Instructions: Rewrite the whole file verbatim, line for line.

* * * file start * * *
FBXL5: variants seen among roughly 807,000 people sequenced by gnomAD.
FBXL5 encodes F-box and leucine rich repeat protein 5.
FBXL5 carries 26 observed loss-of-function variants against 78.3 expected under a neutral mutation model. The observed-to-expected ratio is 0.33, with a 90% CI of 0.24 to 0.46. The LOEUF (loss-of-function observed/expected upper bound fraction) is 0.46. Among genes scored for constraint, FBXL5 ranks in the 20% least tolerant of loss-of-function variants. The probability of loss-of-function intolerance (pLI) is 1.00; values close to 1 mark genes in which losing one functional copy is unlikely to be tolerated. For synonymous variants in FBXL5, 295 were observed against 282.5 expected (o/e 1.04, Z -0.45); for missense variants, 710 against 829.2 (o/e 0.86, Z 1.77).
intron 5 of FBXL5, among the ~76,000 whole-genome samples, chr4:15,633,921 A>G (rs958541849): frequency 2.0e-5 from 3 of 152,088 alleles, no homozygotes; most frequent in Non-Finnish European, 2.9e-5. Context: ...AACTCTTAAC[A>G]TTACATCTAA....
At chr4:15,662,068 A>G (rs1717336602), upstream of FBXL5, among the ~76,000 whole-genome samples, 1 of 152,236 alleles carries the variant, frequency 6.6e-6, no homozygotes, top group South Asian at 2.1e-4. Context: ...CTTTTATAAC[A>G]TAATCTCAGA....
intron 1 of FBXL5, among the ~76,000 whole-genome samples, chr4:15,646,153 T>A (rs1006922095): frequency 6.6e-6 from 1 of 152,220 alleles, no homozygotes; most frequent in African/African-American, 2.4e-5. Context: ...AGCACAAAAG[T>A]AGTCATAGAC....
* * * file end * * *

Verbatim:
FBXL5: variants seen among roughly 807,000 people sequenced by gnomAD.
FBXL5 encodes F-box and leucine rich repeat protein 5.
FBXL5 carries 26 observed loss-of-function variants against 78.3 expected under a neutral mutation model. The observed-to-expected ratio is 0.33, with a 90% CI of 0.24 to 0.46. The LOEUF (loss-of-function observed/expected upper bound fraction) is 0.46. Among genes scored for constraint, FBXL5 ranks in the 20% least tolerant of loss-of-function variants. The probability of loss-of-function intolerance (pLI) is 1.00; values close to 1 mark genes in which losing one functional copy is unlikely to be tolerated. For synonymous variants in FBXL5, 295 were observed against 282.5 expected (o/e 1.04, Z -0.45); for missense variants, 710 against 829.2 (o/e 0.86, Z 1.77).
intron 5 of FBXL5, among the ~76,000 whole-genome samples, chr4:15,633,921 A>G (rs958541849): frequency 2.0e-5 from 3 of 152,088 alleles, no homozygotes; most frequent in Non-Finnish European, 2.9e-5. Context: ...AACTCTTAAC[A>G]TTACATCTAA....
At chr4:15,662,068 A>G (rs1717336602), upstream of FBXL5, among the ~76,000 whole-genome samples, 1 of 152,236 alleles carries the variant, frequency 6.6e-6, no homozygotes, top group South Asian at 2.1e-4. Context: ...CTTTTATAAC[A>G]TAATCTCAGA....
intron 1 of FBXL5, among the ~76,000 whole-genome samples, chr4:15,646,153 T>A (rs1006922095): frequency 6.6e-6 from 1 of 152,220 alleles, no homozygotes; most frequent in African/African-American, 2.4e-5. Context: ...AGCACAAAAG[T>A]AGTCATAGAC....